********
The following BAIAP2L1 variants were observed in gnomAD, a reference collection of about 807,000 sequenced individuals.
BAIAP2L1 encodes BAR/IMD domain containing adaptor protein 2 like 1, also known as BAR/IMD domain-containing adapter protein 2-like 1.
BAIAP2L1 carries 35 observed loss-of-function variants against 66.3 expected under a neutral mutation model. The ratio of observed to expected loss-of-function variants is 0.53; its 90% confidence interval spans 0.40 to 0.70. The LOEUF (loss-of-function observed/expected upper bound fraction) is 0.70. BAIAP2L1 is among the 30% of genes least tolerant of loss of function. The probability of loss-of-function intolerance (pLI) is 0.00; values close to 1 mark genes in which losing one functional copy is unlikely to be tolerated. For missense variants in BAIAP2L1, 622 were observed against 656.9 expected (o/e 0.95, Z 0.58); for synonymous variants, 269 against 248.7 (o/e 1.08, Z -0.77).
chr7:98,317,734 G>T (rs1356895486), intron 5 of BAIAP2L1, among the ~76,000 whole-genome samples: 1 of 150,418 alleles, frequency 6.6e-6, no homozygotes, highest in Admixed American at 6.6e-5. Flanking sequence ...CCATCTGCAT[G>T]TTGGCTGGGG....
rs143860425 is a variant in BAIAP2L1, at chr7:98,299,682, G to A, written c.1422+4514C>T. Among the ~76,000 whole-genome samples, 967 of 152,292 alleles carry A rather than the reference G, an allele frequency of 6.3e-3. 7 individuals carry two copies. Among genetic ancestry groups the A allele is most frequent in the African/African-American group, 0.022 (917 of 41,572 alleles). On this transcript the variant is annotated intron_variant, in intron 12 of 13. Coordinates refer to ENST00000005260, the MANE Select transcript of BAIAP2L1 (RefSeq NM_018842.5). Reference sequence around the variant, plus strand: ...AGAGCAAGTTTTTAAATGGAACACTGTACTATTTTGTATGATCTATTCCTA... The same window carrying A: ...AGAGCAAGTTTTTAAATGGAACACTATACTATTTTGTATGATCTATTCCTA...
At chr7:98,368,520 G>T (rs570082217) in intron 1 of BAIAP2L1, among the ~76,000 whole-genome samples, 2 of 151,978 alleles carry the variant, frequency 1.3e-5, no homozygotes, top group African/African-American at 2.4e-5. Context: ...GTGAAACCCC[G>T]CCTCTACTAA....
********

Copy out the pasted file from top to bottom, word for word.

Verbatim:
The following BAIAP2L1 variants were observed in gnomAD, a reference collection of about 807,000 sequenced individuals.
BAIAP2L1 encodes BAR/IMD domain containing adaptor protein 2 like 1, also known as BAR/IMD domain-containing adapter protein 2-like 1.
BAIAP2L1 carries 35 observed loss-of-function variants against 66.3 expected under a neutral mutation model. The ratio of observed to expected loss-of-function variants is 0.53; its 90% confidence interval spans 0.40 to 0.70. The LOEUF (loss-of-function observed/expected upper bound fraction) is 0.70. BAIAP2L1 is among the 30% of genes least tolerant of loss of function. The probability of loss-of-function intolerance (pLI) is 0.00; values close to 1 mark genes in which losing one functional copy is unlikely to be tolerated. For missense variants in BAIAP2L1, 622 were observed against 656.9 expected (o/e 0.95, Z 0.58); for synonymous variants, 269 against 248.7 (o/e 1.08, Z -0.77).
chr7:98,317,734 G>T (rs1356895486), intron 5 of BAIAP2L1, among the ~76,000 whole-genome samples: 1 of 150,418 alleles, frequency 6.6e-6, no homozygotes, highest in Admixed American at 6.6e-5. Flanking sequence ...CCATCTGCAT[G>T]TTGGCTGGGG....
rs143860425 is a variant in BAIAP2L1, at chr7:98,299,682, G to A, written c.1422+4514C>T. Among the ~76,000 whole-genome samples, 967 of 152,292 alleles carry A rather than the reference G, an allele frequency of 6.3e-3. 7 individuals carry two copies. Among genetic ancestry groups the A allele is most frequent in the African/African-American group, 0.022 (917 of 41,572 alleles). On this transcript the variant is annotated intron_variant, in intron 12 of 13. Coordinates refer to ENST00000005260, the MANE Select transcript of BAIAP2L1 (RefSeq NM_018842.5). Reference sequence around the variant, plus strand: ...AGAGCAAGTTTTTAAATGGAACACTGTACTATTTTGTATGATCTATTCCTA... The same window carrying A: ...AGAGCAAGTTTTTAAATGGAACACTATACTATTTTGTATGATCTATTCCTA...
At chr7:98,368,520 G>T (rs570082217) in intron 1 of BAIAP2L1, among the ~76,000 whole-genome samples, 2 of 151,978 alleles carry the variant, frequency 1.3e-5, no homozygotes, top group African/African-American at 2.4e-5. Context: ...GTGAAACCCC[G>T]CCTCTACTAA....